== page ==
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Hard Times For The Mafia

More than 70 years after a bloody mob war ended with a peace producing New York City's five Mafia families, the heads of these crime syndicates are simultaneously behind bars for the first time.

"There was a time when no mob boss was even convicted," said Ronald Goldstock, former head of the state Organized Crime Task Force. "Symbolically, this is one more milestone in the fight against the mob."

Realistically, the mass jailing - indicative of the mob's dwindling 21st century fortunes - could also create street-level tensions and problems between the families that would ordinarily be resolved by the five bosses at Mafia "Commission" meetings, experts said.

"If the situation remains the way it is, problems will begin to arise that are not as easily solved by acting bosses," said author and mob expert Howard Abadinsky.

Most recently jailed was Joseph Massino, 60, reputed boss of the Bonanno crime family. Massino was indicted in January in connection with a 1981 murder tied to the FBI's infiltration of his family by undercover agent "Donnie Brasco."

Two other crime bosses are serving lengthy jail terms, one is being held while on trial, and another is jailed while awaiting trial.

U.S. Attorney Roslynn Mauskopf, noting that the "Commission" emerged after the 1931 Castellamarese War ended with a mob hit in a Coney Island restaurant, said it was appropriate that Massino wound up in a Brooklyn federal court.

"The structure of traditional organized crime was formulated, in large measure, right here in Brooklyn," she said.

For decades after the mob war, the city's bosses operated with impunity, avoiding draconian jail sentences and directing illegal multimillion-dollar operations. Their empire stretched from the Fulton Fish Market to the concrete industry to garbage carting.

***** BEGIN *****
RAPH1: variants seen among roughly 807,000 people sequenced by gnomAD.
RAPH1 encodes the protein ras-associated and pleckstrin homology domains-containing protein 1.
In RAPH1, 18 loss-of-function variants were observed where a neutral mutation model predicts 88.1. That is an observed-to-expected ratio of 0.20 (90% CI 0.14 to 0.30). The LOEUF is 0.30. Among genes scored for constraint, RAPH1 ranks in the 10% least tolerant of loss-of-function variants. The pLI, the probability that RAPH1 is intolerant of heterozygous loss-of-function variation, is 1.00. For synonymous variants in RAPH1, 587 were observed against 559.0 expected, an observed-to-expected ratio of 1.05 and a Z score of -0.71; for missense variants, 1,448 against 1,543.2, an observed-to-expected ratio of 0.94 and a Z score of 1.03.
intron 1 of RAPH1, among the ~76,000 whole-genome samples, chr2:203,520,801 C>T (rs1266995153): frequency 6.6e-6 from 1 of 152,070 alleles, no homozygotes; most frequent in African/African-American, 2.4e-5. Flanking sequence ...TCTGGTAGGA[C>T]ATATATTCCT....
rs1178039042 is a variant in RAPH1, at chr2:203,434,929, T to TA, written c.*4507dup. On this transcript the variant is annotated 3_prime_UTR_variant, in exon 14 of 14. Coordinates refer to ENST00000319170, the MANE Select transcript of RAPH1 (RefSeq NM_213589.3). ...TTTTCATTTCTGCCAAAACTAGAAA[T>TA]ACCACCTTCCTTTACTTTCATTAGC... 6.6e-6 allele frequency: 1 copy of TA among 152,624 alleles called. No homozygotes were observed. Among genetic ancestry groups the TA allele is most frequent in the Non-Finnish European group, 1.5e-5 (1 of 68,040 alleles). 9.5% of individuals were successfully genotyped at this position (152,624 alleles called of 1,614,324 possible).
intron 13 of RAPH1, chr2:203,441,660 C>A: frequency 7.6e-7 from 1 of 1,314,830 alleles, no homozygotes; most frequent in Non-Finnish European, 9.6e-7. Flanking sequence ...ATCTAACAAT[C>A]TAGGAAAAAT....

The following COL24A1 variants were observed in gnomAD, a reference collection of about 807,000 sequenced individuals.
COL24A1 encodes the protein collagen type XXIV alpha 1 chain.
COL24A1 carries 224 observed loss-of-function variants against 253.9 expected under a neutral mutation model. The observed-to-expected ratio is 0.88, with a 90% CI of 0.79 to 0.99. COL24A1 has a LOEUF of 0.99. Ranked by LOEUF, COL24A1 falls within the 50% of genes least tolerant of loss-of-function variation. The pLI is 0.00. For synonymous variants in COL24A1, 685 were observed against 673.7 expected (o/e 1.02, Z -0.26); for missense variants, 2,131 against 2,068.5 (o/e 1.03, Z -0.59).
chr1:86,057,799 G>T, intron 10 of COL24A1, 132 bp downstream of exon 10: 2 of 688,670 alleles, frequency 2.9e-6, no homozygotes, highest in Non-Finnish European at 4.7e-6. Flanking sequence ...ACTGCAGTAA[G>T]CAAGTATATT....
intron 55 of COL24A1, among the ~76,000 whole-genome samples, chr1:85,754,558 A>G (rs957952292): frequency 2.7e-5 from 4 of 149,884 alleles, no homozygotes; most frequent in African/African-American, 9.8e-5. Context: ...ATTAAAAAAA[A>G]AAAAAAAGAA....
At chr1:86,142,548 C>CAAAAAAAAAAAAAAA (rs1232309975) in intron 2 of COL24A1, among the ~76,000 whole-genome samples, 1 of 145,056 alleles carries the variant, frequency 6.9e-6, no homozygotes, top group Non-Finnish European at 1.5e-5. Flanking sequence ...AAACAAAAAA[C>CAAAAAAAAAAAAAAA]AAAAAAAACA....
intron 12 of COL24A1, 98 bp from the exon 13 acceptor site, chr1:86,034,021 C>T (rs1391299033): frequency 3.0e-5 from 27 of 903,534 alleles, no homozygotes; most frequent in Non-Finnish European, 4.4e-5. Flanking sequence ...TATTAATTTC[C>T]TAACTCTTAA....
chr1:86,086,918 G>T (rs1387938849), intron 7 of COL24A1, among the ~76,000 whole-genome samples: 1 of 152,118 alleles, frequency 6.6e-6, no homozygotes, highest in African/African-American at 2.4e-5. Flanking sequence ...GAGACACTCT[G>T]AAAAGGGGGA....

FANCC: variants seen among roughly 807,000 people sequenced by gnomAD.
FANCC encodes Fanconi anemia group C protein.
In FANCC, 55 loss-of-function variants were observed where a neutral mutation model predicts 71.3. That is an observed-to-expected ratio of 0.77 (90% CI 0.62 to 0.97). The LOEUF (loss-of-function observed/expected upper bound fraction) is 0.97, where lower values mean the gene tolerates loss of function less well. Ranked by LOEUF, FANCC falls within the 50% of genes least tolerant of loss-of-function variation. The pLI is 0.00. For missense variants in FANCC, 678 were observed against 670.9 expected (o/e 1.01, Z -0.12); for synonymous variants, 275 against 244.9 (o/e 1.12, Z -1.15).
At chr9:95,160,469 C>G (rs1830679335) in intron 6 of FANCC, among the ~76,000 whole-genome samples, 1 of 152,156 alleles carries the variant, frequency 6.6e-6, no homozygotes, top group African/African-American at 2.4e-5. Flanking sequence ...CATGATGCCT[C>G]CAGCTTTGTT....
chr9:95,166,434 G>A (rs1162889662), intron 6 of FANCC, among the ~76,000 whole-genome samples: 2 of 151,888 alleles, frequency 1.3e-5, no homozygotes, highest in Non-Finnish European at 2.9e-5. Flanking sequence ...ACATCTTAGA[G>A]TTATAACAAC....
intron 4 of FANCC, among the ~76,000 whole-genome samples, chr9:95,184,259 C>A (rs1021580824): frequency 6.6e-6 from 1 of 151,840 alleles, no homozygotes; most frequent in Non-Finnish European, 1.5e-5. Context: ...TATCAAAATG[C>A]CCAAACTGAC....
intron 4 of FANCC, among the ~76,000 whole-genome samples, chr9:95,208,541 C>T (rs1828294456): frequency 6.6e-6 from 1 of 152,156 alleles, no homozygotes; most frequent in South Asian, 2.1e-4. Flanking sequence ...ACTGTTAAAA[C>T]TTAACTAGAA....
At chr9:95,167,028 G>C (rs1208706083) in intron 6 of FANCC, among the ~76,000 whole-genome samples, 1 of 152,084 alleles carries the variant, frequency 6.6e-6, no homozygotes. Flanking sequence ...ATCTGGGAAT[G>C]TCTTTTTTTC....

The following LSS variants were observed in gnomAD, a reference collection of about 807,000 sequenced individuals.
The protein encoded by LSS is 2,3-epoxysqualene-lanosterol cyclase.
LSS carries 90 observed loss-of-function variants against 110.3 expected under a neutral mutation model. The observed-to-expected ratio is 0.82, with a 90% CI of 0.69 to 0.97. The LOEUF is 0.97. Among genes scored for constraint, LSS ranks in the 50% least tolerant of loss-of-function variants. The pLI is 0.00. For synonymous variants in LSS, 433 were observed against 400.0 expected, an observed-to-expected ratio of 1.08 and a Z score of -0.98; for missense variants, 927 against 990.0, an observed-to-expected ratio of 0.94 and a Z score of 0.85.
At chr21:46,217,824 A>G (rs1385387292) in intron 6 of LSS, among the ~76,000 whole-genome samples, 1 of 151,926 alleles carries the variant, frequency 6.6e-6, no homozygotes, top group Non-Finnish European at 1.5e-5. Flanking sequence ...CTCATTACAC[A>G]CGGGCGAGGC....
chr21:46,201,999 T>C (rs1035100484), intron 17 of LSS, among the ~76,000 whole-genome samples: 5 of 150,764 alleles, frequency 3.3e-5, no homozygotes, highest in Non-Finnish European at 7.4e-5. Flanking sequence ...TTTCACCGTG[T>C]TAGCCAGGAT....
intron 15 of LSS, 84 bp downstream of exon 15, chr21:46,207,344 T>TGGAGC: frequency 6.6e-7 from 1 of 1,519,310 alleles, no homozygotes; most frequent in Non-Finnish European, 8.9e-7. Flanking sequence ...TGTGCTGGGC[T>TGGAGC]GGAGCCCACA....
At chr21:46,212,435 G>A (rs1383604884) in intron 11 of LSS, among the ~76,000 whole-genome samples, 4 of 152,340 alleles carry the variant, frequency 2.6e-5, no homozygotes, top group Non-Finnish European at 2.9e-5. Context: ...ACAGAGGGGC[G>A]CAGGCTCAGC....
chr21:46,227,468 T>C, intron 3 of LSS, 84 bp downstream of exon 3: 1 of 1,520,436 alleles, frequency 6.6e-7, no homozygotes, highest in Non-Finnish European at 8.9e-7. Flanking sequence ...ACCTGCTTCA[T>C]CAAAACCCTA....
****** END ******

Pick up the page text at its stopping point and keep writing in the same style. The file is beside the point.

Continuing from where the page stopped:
Jail remained a petty annoyance.

When Vito Genovese went away in 1959, it was only after fellow bosses set him up on a bogus drug charge. Genovese died in prison - an extraordinary departure for a mob boss of his generation.

His contemporaries fared better: Joseph Bonanno - aka "Joe Bananas" - died last May at the ripe old age of 97. Septuagenarian Carlo Gambino passed of a heart attack in 1976. Tommy "Three Fingers" Luchese died of natural causes in 1967.

Such happy retirements no longer await:

  • Genovese's linear successor, 74-year-old Vincent "The Chin" Gigante, remains jailed on a racketering conviction while awaiting trial on charges that he was running the Genovese family from his cell.
  • Gambino head Peter Gotti, 62, followed a family tradition by getting locked up - just as his late brother John and his nephew John Jr. did. Peter Gotti recently went on trial, charged with racketeering and extortion on the city's waterfront.
  • Colombo chief Alphonse "Allie Boy" Persico cut a deal with federal prosecutors 13 months ago in which he admitted he was the family boss. Joel "Joe Waverly" Cacace became acting boss - only to be indicted himself last month on a charge of orchestrating a hit where the father of an ex-mob prosecutor was mistakenly murdered.
  • Vittorio "Vic" Amuso, who reportedly runs the Lucheses, is doing life without parole on racketeering and murder charges.

    Other than Gigante, they're hardly household names: Massino worked hard at keeping a low profile, and Amuso went away in 1992. Peter Gotti and Persico, the latter the son of infamous mob boss Carmine "The Snake" Persico, boast little more than mob pedigrees.

    Even worse for the mobs, the bosses are now working for the feds. Former acting Luchese chieftain Joseph "Joe D" DeFede was one of the key witnesses against Peter Gotti, saying they had met at eight "Commission" meetings between 1994 and 1998.

    Such a meeting would now be almost impossible given the disarray of mob leadership, experts said.

    "Once you have these people in jail, the Commission as an entity can't exist," said Goldstock. "It's designed to resolve disputes between families, and now there's no mechanism to do that."

    The current incarcerations completed a job launched in the mid-1980s, when prosecutors armed with the RICO statute went after the five bosses. In 1987, they had as many as four behind bars.

    With the threat of heavy punishments hanging over mob bosses, few in the rank-and-file aspire to the top spot anymore. And those who do land the title are hardly the best and the brightest.

    "A guy like Peter Gotti - if he was running your dad's clothing store, you'd pray for him to call in sick," Abadinsky said.

    By LARRY McShane

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